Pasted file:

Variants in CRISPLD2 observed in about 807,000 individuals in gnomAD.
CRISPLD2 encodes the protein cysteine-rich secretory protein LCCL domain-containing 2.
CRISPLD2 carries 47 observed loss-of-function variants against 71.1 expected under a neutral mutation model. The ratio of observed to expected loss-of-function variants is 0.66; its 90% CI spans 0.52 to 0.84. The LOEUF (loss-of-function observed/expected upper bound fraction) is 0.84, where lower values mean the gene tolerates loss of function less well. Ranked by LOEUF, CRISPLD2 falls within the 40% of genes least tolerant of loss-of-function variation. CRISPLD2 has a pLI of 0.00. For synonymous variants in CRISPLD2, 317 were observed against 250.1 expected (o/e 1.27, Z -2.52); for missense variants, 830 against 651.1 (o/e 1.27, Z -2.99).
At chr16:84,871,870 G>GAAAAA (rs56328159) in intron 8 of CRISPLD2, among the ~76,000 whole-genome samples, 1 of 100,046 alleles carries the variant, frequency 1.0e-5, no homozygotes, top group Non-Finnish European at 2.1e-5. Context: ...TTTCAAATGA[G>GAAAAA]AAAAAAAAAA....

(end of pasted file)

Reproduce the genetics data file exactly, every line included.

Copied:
Variants in CRISPLD2 observed in about 807,000 individuals in gnomAD.
CRISPLD2 encodes the protein cysteine-rich secretory protein LCCL domain-containing 2.
CRISPLD2 carries 47 observed loss-of-function variants against 71.1 expected under a neutral mutation model. The ratio of observed to expected loss-of-function variants is 0.66; its 90% CI spans 0.52 to 0.84. The LOEUF (loss-of-function observed/expected upper bound fraction) is 0.84, where lower values mean the gene tolerates loss of function less well. Ranked by LOEUF, CRISPLD2 falls within the 40% of genes least tolerant of loss-of-function variation. CRISPLD2 has a pLI of 0.00. For synonymous variants in CRISPLD2, 317 were observed against 250.1 expected (o/e 1.27, Z -2.52); for missense variants, 830 against 651.1 (o/e 1.27, Z -2.99).
At chr16:84,871,870 G>GAAAAA (rs56328159) in intron 8 of CRISPLD2, among the ~76,000 whole-genome samples, 1 of 100,046 alleles carries the variant, frequency 1.0e-5, no homozygotes, top group Non-Finnish European at 2.1e-5. Context: ...TTTCAAATGA[G>GAAAAA]AAAAAAAAAA....